24. Homer C, Dewitz J, Fry J, Coan M, Hossain N, Larson C, Herold N, McKerrow A, VanDriel JN, Wickham J (2007) Completion of the 2001 national land cover database for the conterminous United States. Photogramm Eng Remote Sens 73(4):337–341Google Scholar
  25. Howells D (1990) Quest for clean streams in North Carolina: An historical account of stream pollution control in North Carolina: Report no. 258. Tech. rep., Water Resources Research Institute of the University of North Carolina, Chapel Hill, North Carolina, USAGoogle Scholar
  26. Jelks HL, Walsh SJ, Burkhead NM, Contreras-Balderas S, Diaz-Pardo E, Hendrickson DA, Lyons J, Mandrak NE, McCormick F, Nelson JS et al (2008) Conservation status of imperiled North American freshwater and diadromous fishes. Fisheries 33(8):372–407CrossRefGoogle Scholar
  27. Jenkins RE, Burkhead NM (1994) Freshwater fishes of Virginia. American Fisheries SocietyGoogle Scholar
  28. Johnston C, Maceina M (2009) Fish assemblage shifts and species declines in Alabama, USA streams. Ecol Freshw Fish 18(1):33–40CrossRefGoogle Scholar
  29. Kaeser A, Bonvechio T, Harrison D, Weller R (2011) Population dynamics of introduced Flathead Catfish in rivers of southern Georgia. In: Michaletz P, VH T (eds) American Fisheries Society Symposium, American Fisheries Society, Bethesda, MD, USA, 77, pp 405422Google Scholar
  30. Kéry M (2010) Introduction to WinBUGS for Ecologists: A Bayesian Approach to Regression, ANOVA and Related Analyses. Academic PressGoogle Scholar
  31. Lapointe NW, Thorson JT, Angermeier PL (2012) Relative roles of natural and anthropogenic drivers of watershed invasibility in riverine ecosystems. Biol Invasions 14(9):1931–1945CrossRefGoogle Scholar
  32. Meador MR, Coles JF, Zappia H (2005) Fish assemblage responses to urban intensity gradients in contrasting metropolitan areas: Birmingham, Alabama and Boston, Massachusetts. In: American Fisheries Society Symposium 47, vol 47, pp 409423Google Scholar
  33. NCDENR (2006) Standard operating procedure for stream fish communities. Tech. rep., North Carolina Department of Environment and Natural Resources, Raleigh, North Carolina, USAGoogle Scholar
  34. NCFS (2010) North Carolinas forest resources assessment: A statewide analysis of the past, current, and projected future conditions of North Carolinas forest resources. Tech. rep., North Carolina Division of Forest Resources, Raleigh, North Carolina, USAGoogle Scholar
  35. NOAA (2010) Development sprawl impacts on the terrestrial carbon dynamics of the United States: data download. Tech. rep., National Oceanic and Atmospheric Administration, Silver Spring, Maryland, USAGoogle Scholar
  36. Paller MH (1995) Relationships among number of fish species sampled, reach length surveyed, and sampling effort in South Carolina Coastal Plain streams. N Am J Fish Manag 15(1):110–120CrossRefGoogle Scholar
  37. Patton TM, Rahel FJ, Hubert WA (1998) Using historical data to assess changes in Wyomings fish fauna. Conserv Biol 12(5):1120–1128CrossRefGoogle Scholar
  38. Plummer M (2013) rjags: Bayesian graphical models using MCMC http://mcmc-jags.sourceforge.net
  39. R Core Team. R (2013) A Language and Environment for Statistical Computing. R Foundation for Statistical Computing, Vienna, AustriaGoogle Scholar
  40. Scott MC (2006) Winners and losers among stream fishes in relation to land use legacies and urban development in the southeastern US. Biol Conserv 127(3):301– 309CrossRefGoogle Scholar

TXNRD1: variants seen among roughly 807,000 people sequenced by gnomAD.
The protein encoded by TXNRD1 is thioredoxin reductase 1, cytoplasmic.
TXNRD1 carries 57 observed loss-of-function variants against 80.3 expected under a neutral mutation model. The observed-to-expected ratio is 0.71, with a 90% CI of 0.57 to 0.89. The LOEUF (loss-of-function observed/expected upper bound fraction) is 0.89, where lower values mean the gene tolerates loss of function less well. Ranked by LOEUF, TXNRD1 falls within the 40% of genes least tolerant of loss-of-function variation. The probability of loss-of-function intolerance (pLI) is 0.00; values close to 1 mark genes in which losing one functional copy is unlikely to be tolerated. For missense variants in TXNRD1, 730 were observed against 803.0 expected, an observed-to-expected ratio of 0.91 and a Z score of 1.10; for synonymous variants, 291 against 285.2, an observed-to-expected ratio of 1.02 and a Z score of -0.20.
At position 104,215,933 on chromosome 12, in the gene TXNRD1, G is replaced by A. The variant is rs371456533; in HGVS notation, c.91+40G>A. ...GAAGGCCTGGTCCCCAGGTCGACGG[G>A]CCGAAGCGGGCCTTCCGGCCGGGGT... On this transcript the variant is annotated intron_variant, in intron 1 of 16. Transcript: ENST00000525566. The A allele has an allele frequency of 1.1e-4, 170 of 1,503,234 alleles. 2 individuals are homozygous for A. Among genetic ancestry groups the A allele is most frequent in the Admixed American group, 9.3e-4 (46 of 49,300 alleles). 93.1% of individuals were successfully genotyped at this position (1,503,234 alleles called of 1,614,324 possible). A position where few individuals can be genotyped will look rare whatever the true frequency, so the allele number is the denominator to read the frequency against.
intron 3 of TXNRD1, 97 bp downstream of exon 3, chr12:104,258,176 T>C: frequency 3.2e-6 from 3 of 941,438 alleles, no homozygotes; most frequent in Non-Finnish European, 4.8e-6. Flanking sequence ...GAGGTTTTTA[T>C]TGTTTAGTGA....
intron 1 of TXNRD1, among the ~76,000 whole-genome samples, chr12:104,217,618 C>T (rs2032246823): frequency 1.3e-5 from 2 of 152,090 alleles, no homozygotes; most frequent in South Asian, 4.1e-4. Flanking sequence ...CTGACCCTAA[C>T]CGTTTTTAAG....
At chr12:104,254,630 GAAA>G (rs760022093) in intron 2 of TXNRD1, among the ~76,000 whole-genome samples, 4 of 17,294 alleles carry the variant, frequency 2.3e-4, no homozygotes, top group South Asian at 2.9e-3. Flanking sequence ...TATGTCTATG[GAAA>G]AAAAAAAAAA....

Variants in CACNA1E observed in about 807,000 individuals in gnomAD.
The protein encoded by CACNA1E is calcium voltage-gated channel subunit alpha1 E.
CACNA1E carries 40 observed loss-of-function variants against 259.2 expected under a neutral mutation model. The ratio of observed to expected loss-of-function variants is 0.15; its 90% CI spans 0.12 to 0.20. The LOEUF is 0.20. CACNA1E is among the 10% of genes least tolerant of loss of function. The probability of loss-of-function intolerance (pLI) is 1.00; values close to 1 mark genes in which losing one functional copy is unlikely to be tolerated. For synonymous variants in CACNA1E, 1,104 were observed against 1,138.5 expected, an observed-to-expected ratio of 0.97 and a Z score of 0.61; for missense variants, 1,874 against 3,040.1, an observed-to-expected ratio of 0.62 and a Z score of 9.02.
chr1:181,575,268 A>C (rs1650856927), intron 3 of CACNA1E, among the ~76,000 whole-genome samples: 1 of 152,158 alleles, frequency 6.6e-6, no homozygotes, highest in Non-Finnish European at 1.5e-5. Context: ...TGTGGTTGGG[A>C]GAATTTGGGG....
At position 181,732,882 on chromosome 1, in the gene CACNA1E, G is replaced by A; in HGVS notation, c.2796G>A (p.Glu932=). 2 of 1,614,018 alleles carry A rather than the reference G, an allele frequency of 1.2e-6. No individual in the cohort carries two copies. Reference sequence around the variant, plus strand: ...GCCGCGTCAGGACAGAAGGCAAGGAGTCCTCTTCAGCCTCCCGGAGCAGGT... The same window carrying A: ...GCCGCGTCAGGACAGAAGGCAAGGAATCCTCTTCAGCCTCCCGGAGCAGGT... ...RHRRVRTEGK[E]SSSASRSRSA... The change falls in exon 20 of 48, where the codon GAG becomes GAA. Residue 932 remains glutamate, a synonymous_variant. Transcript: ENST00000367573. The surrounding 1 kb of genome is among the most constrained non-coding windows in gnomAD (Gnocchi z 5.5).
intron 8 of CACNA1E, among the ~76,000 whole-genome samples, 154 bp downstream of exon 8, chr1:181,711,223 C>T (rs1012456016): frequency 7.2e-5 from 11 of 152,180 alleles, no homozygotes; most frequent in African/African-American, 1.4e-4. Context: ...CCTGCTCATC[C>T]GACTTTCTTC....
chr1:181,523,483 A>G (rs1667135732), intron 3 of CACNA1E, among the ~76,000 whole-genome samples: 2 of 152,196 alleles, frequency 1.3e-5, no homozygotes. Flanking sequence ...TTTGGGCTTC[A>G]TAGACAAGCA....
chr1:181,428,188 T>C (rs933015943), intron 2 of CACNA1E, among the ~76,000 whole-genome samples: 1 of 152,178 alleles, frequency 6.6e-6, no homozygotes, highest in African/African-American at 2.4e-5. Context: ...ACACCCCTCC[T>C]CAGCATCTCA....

41. Scott MC, Helfman GS (2001) Native invasions, homogenization, and the mismeasure of integrity of fish assemblages. Fisheries 26(11):6–15CrossRefGoogle Scholar
  42. Starnes WC, Hogue GM (2011) Curation and databasing of voucher collections from the North CarolinaWildlife Resources Commission 1960s statewide surveys of fishes. Tech. rep., North Carolina Wildlife Resources Commission, Raleigh, North Carolina, USAGoogle Scholar
  43. Sullivan SMP, Watzin MC, Hession WC (2006) Influence of stream geomorphic condition on fish communities in Vermont, USA. Freshw Biol 51(10):1811– 1826CrossRefGoogle Scholar
  44. Sutherland AB, Meyer JL, Gardiner EP (2002) Effects of land cover on sediment regime and fish assemblage structure in four southern Appalachian streams. Freshw Biol 47(9):1791–1805CrossRefGoogle Scholar
  45. Thomas ME (1993) Monitoring the effects of introduced Flathead Catfish on sport fish populations in the Altamaha River, Georgia. In: Proceedings of the Annual Conference Southeastern Association of Fish and Wildlife Agencies, vol 47, pp 531538Google Scholar
  46. Tracy BH, Jenkins RE, Starnes WC (2013) History of fish investigations in the Yadkin-Pee Dee River drainage of North Carolina and Virginia with an analysis of non indigenous species and invasion dynamics of three speciesof suckers (Catostomidae). J N C Acad Sci 129(3):82– 106Google Scholar
  47. Tyre AJ, Tenhumberg B, Field SA, Niejalke D, Parris K, Possingham HP (2003) Improving precision and reducing bias in biological surveys: estimating false-negative error rates. Ecol Appl 13(6):1790–1801CrossRefGoogle Scholar
  48. USEPA (2009) National water quality inventory: Report to congress, 2004 reporting cycle. Tech. Rep. EPA-841-R- 08-00., U.S. Environmental Protection Agency,Washington, DC, USAGoogle Scholar
  49. Wagner T, Hayes DB, Bremigan MT (2006) Accounting for multilevel data structures in fisheries data using mixed models. Fisheries 31(4):180–187CrossRefGoogle Scholar
  50. Warren ML, Burr BM, Walsh SJ, Bart Jr HL, Cashner RC, Etnier DA, Freeman BJ, Kuhajda BR, Mayden RL, Robison HW et al (2000) Diversity, distribution, and conservation status of the native freshwater fishes of the southern United States. Fisheries 25(10):7–31CrossRefGoogle Scholar
  51. Weinstein MP, Davis RW (1980) Collection efficiency of seine and rotenone samples from tidal creeks, Cape Fear River, North Carolina. Estuaries 3(2):98–105CrossRefGoogle Scholar
  52. Winemiller KO, Rose KA (1992) Patterns of life-history diversification in North American fishes: implications for population regulation. Can J Fish Aquat Sci 49(10):2196–2218CrossRefGoogle Scholar

Copyright information

© Springer Science+Business Media Dordrecht 2014

Authors and Affiliations

  • Stephen R. Midway
    • 1
  • Tyler Wagner
    • 2
  • Bryn H. Tracy
    • 3
  • Gabriela M. Hogue
    • 4
  • Wayne C. Starnes
    • 4
  1. 1.Pennsylvania State UniversityUniversity ParkUSA
  2. 2.U.S. Geological SurveyPennsylvania State UniversityUniversity ParkUSA
  3. 3.North Carolina Department of Environment and Natural Resources, Division of Water ResourcesRaleighUSA
  4. 4.North Carolina Museum of Natural SciencesRaleighUSA

Personalised recommendations